Modelling Multigraphism: The Digital Representation of Multiple Scripts and Alphabets
Digital approaches to palaeography – the study of historical or ancient handwriting – have received significant attention in recent years. Projects like ORIFLAMMS (Stutzmann, 2016) and DigiPal (Brookes, 2015) have focussed on this, as well as projects aimed more at the book or written object in general such as HisDoc and Diva DIA, work on the Cairo Genizah (e.g. Wolf et al., 2011), work at the Centre for the Study of Manuscript Cultures (CSMC) in Hamburg; and many more. Although taking different approaches and addressing different aspects of palaeography, these projects have all made significant and important advances. However, relatively few have addressed explicit semantic modelling of handwriting itself. One such model was developed for the DigiPal project (Stokes, 2012) and has since been implemented in open-access and freely-available software called Archetype (2017). The model was developed initially for the Latin alphabet, but it has proven to be much more versatile than anticipated, with application to Hebrew and decoration (Brookes et al., 2015), bilingual Greek-Latin inscriptions, and experiments with Chinese, Cuneiform, Mayan, and others (see Figure 1 and Figure 2).
Although applied successfully to different scripts, the DigiPal model (like most palaeographical method) assumes a homogeneous corpus comprising samples of the same alphabet and writing-style. Although convenient, this homogeneity is in fact very limiting, as throughout history many, perhaps even most, societies employed a range of different writing styles and systems. In Western Europe, for example, the best-known example is probably the Gothic script-system, comprising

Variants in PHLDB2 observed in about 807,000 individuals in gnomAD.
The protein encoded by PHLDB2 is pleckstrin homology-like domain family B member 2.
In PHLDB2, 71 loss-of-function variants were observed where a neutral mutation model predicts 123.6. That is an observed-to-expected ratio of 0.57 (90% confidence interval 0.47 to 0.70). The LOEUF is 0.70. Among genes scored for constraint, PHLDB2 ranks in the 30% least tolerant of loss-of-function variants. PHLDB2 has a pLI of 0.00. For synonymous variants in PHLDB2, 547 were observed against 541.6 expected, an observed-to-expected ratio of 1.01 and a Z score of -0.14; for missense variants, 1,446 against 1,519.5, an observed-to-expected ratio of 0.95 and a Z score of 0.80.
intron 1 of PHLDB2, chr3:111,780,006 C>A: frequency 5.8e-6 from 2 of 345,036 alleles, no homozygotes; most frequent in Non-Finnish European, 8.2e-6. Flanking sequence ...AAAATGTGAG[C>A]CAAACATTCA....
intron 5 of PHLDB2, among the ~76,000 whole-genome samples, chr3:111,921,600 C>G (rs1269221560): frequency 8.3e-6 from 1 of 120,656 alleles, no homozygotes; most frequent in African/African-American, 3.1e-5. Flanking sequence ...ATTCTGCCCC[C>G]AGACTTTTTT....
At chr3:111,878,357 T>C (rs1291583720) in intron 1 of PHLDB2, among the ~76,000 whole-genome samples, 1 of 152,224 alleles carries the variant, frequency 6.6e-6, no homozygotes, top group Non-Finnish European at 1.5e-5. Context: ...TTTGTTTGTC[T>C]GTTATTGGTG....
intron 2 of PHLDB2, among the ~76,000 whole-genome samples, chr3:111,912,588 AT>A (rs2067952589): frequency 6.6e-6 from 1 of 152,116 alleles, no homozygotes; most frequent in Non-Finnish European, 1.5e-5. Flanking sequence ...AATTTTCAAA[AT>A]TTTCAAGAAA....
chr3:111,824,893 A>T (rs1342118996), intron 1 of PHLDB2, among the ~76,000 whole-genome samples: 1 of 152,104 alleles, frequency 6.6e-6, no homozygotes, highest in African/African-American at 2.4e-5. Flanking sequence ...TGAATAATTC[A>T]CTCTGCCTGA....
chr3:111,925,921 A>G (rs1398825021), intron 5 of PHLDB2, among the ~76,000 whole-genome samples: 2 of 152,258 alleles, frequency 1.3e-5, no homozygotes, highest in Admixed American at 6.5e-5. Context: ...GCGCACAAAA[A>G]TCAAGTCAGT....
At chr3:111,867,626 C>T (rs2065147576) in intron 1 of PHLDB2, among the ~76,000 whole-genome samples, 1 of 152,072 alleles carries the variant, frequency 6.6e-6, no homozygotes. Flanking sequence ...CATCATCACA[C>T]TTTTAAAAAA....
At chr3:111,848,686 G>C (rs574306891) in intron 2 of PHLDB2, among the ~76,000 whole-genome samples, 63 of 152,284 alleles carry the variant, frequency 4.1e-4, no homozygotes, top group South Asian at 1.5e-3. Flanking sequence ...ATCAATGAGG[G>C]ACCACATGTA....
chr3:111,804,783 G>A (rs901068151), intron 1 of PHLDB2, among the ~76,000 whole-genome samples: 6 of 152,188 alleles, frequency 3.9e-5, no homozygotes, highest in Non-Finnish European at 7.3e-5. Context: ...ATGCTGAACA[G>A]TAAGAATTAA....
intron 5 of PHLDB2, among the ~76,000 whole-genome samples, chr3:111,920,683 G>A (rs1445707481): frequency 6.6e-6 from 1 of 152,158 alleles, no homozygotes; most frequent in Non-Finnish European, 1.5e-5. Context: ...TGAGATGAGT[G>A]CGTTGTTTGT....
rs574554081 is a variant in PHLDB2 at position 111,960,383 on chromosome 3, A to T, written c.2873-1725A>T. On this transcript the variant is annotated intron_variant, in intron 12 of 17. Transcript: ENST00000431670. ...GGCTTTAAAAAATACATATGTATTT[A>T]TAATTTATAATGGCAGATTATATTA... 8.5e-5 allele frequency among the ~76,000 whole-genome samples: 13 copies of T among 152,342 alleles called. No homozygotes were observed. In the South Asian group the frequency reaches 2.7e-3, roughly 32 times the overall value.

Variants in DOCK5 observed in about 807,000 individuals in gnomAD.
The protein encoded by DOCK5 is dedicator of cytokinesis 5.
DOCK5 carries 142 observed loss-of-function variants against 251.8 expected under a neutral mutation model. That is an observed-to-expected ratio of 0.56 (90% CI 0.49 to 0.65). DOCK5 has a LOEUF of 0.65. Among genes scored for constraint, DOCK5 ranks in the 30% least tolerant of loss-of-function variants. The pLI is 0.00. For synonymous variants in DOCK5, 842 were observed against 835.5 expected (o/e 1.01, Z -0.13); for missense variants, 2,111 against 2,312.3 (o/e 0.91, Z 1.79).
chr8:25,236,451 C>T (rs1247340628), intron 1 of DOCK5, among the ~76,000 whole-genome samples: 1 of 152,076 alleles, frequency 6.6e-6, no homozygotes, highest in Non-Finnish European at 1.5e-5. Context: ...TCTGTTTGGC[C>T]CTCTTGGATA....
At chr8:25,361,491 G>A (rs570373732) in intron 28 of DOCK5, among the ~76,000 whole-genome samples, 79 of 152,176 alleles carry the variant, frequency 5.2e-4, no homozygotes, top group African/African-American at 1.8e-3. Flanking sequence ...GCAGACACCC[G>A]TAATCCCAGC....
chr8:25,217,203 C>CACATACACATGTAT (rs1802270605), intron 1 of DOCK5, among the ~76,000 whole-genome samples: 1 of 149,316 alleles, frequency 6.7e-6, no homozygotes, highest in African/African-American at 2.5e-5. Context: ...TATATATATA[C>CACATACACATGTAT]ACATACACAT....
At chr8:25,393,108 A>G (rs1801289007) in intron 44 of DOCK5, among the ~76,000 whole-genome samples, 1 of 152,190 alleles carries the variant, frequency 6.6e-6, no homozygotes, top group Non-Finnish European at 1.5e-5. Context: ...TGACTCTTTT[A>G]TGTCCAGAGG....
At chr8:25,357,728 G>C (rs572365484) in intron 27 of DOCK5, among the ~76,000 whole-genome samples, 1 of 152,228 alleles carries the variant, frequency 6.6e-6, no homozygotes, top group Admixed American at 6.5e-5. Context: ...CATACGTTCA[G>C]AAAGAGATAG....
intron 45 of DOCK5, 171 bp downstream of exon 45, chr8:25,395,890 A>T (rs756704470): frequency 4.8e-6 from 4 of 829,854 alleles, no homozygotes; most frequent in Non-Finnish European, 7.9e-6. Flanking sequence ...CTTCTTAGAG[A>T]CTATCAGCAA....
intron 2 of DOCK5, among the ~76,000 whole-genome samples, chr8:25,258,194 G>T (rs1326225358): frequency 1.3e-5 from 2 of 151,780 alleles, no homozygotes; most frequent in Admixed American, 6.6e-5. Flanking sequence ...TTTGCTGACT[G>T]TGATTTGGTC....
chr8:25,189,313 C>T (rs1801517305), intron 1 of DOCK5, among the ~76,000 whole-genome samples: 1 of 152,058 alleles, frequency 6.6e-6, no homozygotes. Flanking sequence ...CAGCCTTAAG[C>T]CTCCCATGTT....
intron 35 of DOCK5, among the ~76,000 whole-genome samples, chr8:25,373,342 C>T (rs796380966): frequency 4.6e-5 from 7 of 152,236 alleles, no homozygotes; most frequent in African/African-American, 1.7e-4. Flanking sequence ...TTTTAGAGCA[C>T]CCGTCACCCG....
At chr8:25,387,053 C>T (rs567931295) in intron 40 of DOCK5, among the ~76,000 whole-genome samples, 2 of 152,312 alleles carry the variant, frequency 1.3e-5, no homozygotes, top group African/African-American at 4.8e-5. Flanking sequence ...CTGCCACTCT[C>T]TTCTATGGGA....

cursiva and so on; but similar patterns can be observed elsewhere in Hebrew, Arabic, Chinese, Tibetan and beyond. Furthermore, different alphabets or writing systems were often used together. Egyptian scribes use hieroglyphic, Hieratic and Demotic contemporaneously; Greek and Latin inscriptions are found across much of the Roman Empire, sometimes with third languages and alphabets; the Dunhuang materials contain a wide range of languages and scripts including Chinese, Tibetan, Sanskrit, Arabic and Sogdian; materials in four writing-systems survive from medieval Sicily; and so on. All of this suggests very strongly that people often – perhaps usually – could and did write in different alphabets or writing-systems. Identifying such cases would give us much important information about areas like education (how many Arab scribes also learned Hebrew?), cultural influence (were Sogdian annotations written at the same time and place as the main text in Chinese?) and so on. However, this requires an approach that allows for comparison across different scripts, discussion of which has really only just begun in both “digital” and “non-digital” palaeography (Stokes, 2017).
In principle, the DigiPal model provides such a framework. It specifies that characters are made up of components, defined as structural elements which recur across different letters (such as the ascenders in